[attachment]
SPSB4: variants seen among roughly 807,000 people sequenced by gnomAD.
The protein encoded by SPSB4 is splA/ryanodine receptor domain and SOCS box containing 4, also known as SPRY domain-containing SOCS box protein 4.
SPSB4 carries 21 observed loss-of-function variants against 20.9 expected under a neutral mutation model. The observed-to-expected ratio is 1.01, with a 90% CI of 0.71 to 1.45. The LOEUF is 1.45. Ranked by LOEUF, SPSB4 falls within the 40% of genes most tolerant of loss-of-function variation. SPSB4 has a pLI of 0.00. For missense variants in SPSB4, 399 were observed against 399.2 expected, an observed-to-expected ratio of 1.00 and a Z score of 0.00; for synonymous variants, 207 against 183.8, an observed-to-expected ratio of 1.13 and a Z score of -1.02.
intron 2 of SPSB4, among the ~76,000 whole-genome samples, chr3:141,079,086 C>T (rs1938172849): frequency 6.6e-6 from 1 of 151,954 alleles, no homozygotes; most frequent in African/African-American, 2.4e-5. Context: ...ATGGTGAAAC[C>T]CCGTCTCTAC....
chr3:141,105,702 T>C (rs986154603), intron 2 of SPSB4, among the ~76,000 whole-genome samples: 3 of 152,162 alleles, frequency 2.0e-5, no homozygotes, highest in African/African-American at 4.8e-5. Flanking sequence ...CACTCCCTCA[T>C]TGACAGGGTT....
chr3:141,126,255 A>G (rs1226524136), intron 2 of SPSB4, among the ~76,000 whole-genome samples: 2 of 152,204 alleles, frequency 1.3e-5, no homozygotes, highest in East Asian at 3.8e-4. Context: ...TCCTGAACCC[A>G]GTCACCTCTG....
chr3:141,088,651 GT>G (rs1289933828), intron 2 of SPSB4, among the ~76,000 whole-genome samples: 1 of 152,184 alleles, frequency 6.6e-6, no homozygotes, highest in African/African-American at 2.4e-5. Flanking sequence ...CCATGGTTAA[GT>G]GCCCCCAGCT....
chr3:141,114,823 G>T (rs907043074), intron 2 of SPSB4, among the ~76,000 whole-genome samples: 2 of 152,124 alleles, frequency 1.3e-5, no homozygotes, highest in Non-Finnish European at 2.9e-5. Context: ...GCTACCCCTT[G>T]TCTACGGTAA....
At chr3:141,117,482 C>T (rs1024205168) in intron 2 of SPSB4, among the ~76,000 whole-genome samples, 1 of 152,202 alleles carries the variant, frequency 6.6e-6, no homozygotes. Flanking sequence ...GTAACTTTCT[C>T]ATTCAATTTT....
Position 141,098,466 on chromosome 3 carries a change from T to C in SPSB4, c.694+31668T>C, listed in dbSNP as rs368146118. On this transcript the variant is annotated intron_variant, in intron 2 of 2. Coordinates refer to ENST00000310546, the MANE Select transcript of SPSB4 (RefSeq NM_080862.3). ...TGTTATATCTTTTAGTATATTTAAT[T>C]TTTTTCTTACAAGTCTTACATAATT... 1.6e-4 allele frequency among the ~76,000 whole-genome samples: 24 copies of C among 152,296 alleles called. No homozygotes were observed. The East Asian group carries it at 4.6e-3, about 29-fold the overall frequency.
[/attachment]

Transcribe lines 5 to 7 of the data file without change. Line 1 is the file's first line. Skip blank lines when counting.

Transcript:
chr3:141,105,702 T>C (rs986154603), intron 2 of SPSB4, among the ~76,000 whole-genome samples: 3 of 152,162 alleles, frequency 2.0e-5, no homozygotes, highest in African/African-American at 4.8e-5. Flanking sequence ...CACTCCCTCA[T>C]TGACAGGGTT....
chr3:141,126,255 A>G (rs1226524136), intron 2 of SPSB4, among the ~76,000 whole-genome samples: 2 of 152,204 alleles, frequency 1.3e-5, no homozygotes, highest in East Asian at 3.8e-4. Context: ...TCCTGAACCC[A>G]GTCACCTCTG....
chr3:141,088,651 GT>G (rs1289933828), intron 2 of SPSB4, among the ~76,000 whole-genome samples: 1 of 152,184 alleles, frequency 6.6e-6, no homozygotes, highest in African/African-American at 2.4e-5. Flanking sequence ...CCATGGTTAA[GT>G]GCCCCCAGCT....